Given the amount of heartfelt concern and discussion about the Boardwalk recently, and after discussing the options with many of you by telephone, I felt compelled to identify and explain some of the issues related to the boardwalk in order to clarify the current status of the project and also correct the misinformation.
For over three years, the town has engaged the public and groups supporting the Boardwalk both publicly and privately. Outreach meetings were advertised and televised, every select board meeting is posted and televised (with the opportunity for public comment) and the voters of Sandwich approved the replacement of the Boardwalk in 2018 at a public Town Meeting. The information is publicly available and your town officials are willing to speak to anyone who wishes to engage—in fact, we encourage it. It is therefore disheartening to see the comments that the town officials have not been responsive or willing to discuss this issue. It is simply not the case.
As many are aware, the Boardwalk was damaged a few years ago in a winter northeaster storm. Like many of you, I felt it was important to invest in and protect this iconic structure that is so deeply woven into the identity of our town, so I discussed a potential volunteer repair effort with other local builders. You would be proud to know that they were all enthusiastic about donating their time and skills. I also reached out to the beloved “geezer brigade” for assistance and guidance.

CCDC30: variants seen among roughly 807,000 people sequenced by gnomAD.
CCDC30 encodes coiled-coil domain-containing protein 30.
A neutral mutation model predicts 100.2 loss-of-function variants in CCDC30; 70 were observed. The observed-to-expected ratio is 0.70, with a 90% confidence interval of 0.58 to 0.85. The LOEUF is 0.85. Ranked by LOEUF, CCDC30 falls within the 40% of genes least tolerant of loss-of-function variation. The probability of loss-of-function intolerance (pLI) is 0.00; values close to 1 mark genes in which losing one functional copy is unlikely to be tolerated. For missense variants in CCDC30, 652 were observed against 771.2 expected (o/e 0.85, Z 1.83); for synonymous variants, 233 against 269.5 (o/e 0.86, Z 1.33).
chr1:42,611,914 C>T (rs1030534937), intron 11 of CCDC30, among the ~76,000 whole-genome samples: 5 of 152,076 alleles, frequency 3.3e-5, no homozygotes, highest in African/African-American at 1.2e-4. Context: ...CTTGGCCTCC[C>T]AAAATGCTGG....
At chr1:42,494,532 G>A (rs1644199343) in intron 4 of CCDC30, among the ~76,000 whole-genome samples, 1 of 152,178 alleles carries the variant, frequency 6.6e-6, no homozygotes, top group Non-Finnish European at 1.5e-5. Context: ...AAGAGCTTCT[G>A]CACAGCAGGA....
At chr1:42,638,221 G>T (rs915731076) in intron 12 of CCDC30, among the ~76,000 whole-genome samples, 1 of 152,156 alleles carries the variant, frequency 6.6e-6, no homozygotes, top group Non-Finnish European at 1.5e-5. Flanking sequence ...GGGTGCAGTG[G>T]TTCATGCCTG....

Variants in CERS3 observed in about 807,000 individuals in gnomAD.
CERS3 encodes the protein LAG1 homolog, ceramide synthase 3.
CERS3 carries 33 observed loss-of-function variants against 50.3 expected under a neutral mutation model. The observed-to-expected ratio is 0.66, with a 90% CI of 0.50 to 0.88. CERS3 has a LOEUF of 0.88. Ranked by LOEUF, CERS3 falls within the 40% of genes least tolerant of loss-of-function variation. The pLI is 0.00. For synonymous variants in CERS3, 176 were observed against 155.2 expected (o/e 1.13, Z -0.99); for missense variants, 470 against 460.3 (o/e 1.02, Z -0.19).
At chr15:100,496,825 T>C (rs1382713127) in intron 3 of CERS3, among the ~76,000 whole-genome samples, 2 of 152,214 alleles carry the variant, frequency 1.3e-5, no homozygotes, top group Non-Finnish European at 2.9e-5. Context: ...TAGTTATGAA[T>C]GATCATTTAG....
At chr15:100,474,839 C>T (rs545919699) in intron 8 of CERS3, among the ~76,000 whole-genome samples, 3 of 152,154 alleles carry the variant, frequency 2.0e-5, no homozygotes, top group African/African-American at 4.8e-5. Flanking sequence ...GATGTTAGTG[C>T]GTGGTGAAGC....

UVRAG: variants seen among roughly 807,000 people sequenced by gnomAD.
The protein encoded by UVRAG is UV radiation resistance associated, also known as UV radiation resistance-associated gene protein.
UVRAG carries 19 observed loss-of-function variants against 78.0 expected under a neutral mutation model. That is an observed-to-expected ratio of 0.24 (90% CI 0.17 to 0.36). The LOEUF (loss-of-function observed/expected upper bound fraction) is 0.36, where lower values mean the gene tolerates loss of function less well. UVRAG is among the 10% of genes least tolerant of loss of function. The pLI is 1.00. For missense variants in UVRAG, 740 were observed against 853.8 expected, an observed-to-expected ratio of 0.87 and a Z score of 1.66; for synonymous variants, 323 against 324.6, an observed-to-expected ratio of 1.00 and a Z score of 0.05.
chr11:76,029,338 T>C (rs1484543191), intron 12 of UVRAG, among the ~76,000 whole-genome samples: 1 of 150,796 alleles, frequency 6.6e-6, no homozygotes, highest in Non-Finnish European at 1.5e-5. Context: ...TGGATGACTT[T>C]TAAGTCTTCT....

However, when I contacted the town with a plan to have this volunteer group of community builders fix the Boardwalk, it quickly became apparent that the challenges facing a volunteer workforce have escalated significantly since the early 1990s. A few of the many obstacles are set forth below.
Prevailing wage. As a municipality, we are forced to put projects out to bid under prevailing wage laws. Violation of these legal requirements would bring swift and severe penalties for the town, including jeopardizing other projects and state grant funding.
Insurance and indemnification issues. The insurer would not insure or indemnify the volunteer work group for repairs on a public structure. Also, a licensed builder would have to pull the permits and assume all liability for the repairs, as well as the craftsmanship of the other volunteers. Simply, a local builder would have to put his license and livelihood on the line for a volunteer project.
State and federal permitting. Numerous agencies, state and federal, are involved in the permitting due to the sensitive ecosystem where the work will take place. This is also one of the most heavily surveyed and analyzed parcels of land in the country due to the ongoing Army Corps of Engineers Section 111 study (related to the sand for the beach). Thankfully, the town continuously (through the efforts of multiple departments) renews the licenses to maintain the boardwalk.